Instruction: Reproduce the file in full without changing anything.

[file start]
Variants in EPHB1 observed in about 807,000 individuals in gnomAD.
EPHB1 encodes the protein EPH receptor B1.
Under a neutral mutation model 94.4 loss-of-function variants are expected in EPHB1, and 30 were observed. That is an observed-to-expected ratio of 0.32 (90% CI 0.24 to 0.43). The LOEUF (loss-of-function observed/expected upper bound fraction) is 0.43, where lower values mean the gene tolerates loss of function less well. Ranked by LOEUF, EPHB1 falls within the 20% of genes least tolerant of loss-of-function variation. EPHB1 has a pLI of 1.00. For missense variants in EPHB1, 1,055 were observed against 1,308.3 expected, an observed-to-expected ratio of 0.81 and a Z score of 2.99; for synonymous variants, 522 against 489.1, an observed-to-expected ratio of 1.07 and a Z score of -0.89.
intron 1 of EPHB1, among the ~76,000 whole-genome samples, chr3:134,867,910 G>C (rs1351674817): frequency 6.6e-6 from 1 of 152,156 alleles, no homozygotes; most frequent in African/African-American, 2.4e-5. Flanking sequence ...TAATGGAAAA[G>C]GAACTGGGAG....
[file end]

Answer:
Variants in EPHB1 observed in about 807,000 individuals in gnomAD.
EPHB1 encodes the protein EPH receptor B1.
Under a neutral mutation model 94.4 loss-of-function variants are expected in EPHB1, and 30 were observed. That is an observed-to-expected ratio of 0.32 (90% CI 0.24 to 0.43). The LOEUF (loss-of-function observed/expected upper bound fraction) is 0.43, where lower values mean the gene tolerates loss of function less well. Ranked by LOEUF, EPHB1 falls within the 20% of genes least tolerant of loss-of-function variation. EPHB1 has a pLI of 1.00. For missense variants in EPHB1, 1,055 were observed against 1,308.3 expected, an observed-to-expected ratio of 0.81 and a Z score of 2.99; for synonymous variants, 522 against 489.1, an observed-to-expected ratio of 1.07 and a Z score of -0.89.
intron 1 of EPHB1, among the ~76,000 whole-genome samples, chr3:134,867,910 G>C (rs1351674817): frequency 6.6e-6 from 1 of 152,156 alleles, no homozygotes; most frequent in African/African-American, 2.4e-5. Flanking sequence ...TAATGGAAAA[G>C]GAACTGGGAG....